Presque Isle HS Class of 2015 resurrects haunted house

11 years ago

Presque Isle HS Class of 2015

resurrects haunted house

By Jennifer Buzza
Special to The Star-Herald

    PRESQUE ISLE — It has been over 10 years since a haunted house was held inside the Aroostook Centre Mall. The ambitious, hard-working junior class at Presque Isle High School changed that this October when they opened the doors of their “Haunting at the Mall.”

Photos courtesy of Jennifer Buzza

    ACCORDING TO MANY VISITORS of the Presque Isle High School Class of 2015’s haunted house, one of the scarier rooms featured the zombie pageant. Contestants attacked the newly crowned “zombie queen,” then turned their anger on the “judges.” Stopping their performance for the photo were, from left: pageant judge Jessica Cameron, pageant contestants Alana Luong, Emma Langille and Alexis Bell; and Keegan Ennis, pageant judge.

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    ONE OF THE ROOMS in Presque Isle High School’s Class of 2015’s haunted house featured a dining room and “Killer Kitchen.” Pictured in front are, from left: class members and “zombie diners” Kate Leavitt and Frances Mendieta-Castro. Being “served” in the grill is Miranda Flannery and the “grill master” was Isaac Michaud. Over 50 members of the junior class volunteered their time and talents to the haunted house that was held at the Aroostook Centre Mall.

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    JUNIORS at Presque Isle High School sponsored the first indoor haunted house that the Aroostook Centre Mall has seen in over 10 years. Here, creepy operating room doctor Ryan Lavway prepares to push bloodied patient Kelsey Gilson in a wheel chair. Over 500 visitors walked through the haunted house that was held over two weekends last month raising over $2,600 for the class.  FS-PIHS HAUNTED HOUSE-CLR-DC3X-SH-45

    With the support of Patti Crooks, mall manager and her staff, the students began creating their scary scenes in the 7,000 square foot space in September. The bulk of the work was completed during the school’s annual three-week harvest break.
    Once the work was completed, Greg Day of the State Fire Marshal’s Office took a tour, complimented the class on a job well done, and approved their certificate to open their doors. According to Day, indoor haunted houses are rare because of the large space needed and the amount of rules and regulations that must be followed in order to open to the public.
    This year’s house featured a clown room, zombie pageant room, morgue, operating room, kitchen and dining room, funeral scene, exorcism, guillotine, fortuneteller, cemetery and several “scarers” lurking in the shadows. Over 50 members of the junior class volunteered their time setting up, decorating, and serving as actors and actresses in the house. The site was open Oct. 18-20 and Oct. 25-27, providing 24 hours of thrills, chills and lots of screams — for both visitors and the actors.
    “I loved being here!” said junior class member Jordan Humphrey, who served as a tour guide during the weekends. Junior Cheyenne Judkins shared, “I thought it was cool how our class worked together to make it all happen.” Judkins volunteered as a zombie “scarer,” and even convinced her family to fill the roles of the family in the creepy dining room. “They are awesome; I can’t say enough nice things about them.”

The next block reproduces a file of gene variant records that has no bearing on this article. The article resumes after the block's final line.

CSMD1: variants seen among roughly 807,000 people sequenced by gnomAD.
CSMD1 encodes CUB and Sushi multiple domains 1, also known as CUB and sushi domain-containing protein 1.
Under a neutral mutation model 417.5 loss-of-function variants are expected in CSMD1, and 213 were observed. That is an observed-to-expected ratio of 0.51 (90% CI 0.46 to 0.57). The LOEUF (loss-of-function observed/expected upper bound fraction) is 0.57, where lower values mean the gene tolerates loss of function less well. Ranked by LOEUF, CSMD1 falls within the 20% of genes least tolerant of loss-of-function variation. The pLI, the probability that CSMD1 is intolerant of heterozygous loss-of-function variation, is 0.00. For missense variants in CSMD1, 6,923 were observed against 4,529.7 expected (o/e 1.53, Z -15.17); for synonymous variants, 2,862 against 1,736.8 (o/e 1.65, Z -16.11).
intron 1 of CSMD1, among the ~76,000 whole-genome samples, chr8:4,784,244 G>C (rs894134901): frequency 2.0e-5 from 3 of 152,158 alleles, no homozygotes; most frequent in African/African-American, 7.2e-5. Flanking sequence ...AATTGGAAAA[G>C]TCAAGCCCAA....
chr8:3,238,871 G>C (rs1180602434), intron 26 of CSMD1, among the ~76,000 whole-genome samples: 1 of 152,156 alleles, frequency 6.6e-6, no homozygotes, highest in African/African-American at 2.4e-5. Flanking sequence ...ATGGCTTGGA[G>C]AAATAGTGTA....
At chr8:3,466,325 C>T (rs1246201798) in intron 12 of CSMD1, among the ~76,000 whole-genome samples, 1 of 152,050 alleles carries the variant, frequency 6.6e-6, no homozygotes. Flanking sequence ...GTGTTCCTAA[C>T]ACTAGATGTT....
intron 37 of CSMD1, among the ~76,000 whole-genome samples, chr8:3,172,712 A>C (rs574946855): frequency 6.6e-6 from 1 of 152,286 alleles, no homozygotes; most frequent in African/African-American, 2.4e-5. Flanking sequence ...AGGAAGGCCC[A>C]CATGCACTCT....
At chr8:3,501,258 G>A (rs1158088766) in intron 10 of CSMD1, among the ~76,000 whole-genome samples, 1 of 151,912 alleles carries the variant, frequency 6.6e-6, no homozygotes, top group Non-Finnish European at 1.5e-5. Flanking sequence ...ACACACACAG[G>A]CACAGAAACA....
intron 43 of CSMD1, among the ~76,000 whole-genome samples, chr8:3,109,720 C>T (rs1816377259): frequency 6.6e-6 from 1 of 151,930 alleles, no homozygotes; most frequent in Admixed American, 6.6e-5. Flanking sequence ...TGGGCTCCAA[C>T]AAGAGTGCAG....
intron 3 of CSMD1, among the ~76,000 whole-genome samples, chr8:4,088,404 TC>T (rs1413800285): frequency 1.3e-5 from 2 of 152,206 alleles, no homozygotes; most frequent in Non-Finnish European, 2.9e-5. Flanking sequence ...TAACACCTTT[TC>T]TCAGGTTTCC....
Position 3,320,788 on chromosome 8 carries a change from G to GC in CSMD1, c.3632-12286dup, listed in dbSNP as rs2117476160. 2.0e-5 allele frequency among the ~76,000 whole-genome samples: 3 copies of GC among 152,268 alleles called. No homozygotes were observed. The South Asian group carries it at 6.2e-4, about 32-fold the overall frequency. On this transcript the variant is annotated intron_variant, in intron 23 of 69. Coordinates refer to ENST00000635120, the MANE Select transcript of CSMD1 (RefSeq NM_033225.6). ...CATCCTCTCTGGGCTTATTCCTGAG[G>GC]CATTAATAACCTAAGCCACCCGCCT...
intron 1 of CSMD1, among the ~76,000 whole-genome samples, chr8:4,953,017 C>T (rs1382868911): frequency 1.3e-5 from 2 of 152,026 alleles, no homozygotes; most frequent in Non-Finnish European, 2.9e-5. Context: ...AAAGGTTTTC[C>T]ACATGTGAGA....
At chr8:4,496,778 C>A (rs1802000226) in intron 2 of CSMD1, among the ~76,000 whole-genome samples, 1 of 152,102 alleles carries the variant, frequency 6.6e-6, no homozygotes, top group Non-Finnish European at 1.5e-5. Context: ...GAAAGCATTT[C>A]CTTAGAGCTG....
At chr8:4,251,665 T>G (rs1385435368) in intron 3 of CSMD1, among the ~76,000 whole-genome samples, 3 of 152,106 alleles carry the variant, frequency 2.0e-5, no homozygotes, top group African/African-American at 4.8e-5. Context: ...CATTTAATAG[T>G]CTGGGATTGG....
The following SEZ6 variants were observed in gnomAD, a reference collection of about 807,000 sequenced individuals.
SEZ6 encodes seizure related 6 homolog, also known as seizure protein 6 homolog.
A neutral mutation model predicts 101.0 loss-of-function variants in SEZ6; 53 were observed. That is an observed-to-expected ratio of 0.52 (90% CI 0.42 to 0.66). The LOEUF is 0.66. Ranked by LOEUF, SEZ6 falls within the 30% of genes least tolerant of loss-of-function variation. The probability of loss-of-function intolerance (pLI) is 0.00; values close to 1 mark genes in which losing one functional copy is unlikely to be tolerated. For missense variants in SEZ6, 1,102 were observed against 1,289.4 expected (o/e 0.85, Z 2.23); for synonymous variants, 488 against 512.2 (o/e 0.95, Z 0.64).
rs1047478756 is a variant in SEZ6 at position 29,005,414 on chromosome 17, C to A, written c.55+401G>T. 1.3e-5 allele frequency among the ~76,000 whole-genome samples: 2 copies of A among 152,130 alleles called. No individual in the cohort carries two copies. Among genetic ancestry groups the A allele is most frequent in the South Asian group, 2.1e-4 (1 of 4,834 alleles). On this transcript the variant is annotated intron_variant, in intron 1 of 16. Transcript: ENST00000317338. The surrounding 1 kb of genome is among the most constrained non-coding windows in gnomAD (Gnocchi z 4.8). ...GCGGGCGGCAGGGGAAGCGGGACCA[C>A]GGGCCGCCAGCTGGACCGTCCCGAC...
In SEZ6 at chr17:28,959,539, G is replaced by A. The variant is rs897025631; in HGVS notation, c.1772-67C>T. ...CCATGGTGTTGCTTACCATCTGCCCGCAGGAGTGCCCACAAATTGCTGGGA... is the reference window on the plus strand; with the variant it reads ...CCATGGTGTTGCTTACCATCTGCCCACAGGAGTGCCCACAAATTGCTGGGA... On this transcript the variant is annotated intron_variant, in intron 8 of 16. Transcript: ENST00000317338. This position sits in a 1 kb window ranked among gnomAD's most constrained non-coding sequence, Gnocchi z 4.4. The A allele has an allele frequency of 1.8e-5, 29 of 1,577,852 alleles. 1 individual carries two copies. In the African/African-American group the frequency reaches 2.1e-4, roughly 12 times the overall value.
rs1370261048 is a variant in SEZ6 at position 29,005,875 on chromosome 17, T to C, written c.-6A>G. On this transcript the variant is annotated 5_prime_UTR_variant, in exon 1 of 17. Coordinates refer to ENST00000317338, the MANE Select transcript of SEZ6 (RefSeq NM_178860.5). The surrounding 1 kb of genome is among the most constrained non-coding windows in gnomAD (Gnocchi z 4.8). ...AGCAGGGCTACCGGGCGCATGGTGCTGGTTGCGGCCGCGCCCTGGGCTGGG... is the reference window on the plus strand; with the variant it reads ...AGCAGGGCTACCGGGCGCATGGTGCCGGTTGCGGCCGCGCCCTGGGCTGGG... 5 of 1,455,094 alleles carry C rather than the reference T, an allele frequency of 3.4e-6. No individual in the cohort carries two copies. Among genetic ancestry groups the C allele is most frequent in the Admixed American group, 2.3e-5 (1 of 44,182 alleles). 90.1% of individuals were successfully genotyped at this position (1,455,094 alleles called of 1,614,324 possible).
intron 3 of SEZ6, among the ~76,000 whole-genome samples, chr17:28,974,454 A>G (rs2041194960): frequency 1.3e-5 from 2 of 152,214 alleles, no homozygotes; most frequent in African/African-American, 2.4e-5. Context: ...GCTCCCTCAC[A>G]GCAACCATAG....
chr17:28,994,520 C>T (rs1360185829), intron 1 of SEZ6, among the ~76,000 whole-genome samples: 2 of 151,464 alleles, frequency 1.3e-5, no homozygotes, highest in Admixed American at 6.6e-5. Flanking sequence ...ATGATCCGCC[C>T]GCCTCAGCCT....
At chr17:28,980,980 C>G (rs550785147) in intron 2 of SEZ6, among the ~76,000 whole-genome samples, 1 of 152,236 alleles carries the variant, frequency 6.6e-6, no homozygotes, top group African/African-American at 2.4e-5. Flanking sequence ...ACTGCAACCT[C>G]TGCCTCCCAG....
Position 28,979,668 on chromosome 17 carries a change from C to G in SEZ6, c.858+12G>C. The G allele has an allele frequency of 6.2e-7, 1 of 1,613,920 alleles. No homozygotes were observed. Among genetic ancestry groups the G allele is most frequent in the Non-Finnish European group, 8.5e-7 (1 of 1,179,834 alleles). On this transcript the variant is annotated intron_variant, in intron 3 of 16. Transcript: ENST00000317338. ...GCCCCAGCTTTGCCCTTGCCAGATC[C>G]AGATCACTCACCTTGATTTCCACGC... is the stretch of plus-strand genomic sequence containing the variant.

Crooks said she was pleased with the students’ dedication to the project.
    “It’s been a treat to get to know the kids. It’s been a great partnership,” she said. “There are real leaders in this group. These kids are great!”
    Over 500 dared to enter the haunted house, raising over $2,600, with proceeds benefiting the class. The tradition at PIHS is for each class to work for four years raising money to cover their prom expenses their senior year. The class also had the support from several PIHS freshmen and sophomores, who earned community service hours for their efforts. In addition, a handful of friends from other local schools volunteered to dress up to play various scary roles.
    “It’s a nice thing to do for the community,” said zombie pageant contestant Alana Luong. “We really came together as a class,” shared fortuneteller Brynn Staples. The students enjoyed scaring classmates, other teens and adults (some were family members) during their time in the haunted house. One of their favorite visitors to the house was PIHS Principal Donna Lisnik. She toured the house during the second weekend and was truly impressed with students’ efforts.
    “I am so impressed with the students from the Class of 2015 who constructed and manned the Halloween Haunted House at the Aroostook Centre Mall. I love haunted houses so I wanted to experience this firsthand and I was not disappointed,” Lisnik said. “It was creative, well-constructed, and the ghouls and goblins were great actors. The special effects were well done, the makeup was amazing and they actually scared me which seemed to make the students all very happy.
    “A great deal of time, effort and thought went into this project and I want to congratulate Mrs. Buzza, their adviser, and the students involved for providing an entertaining activity for the community,” she said.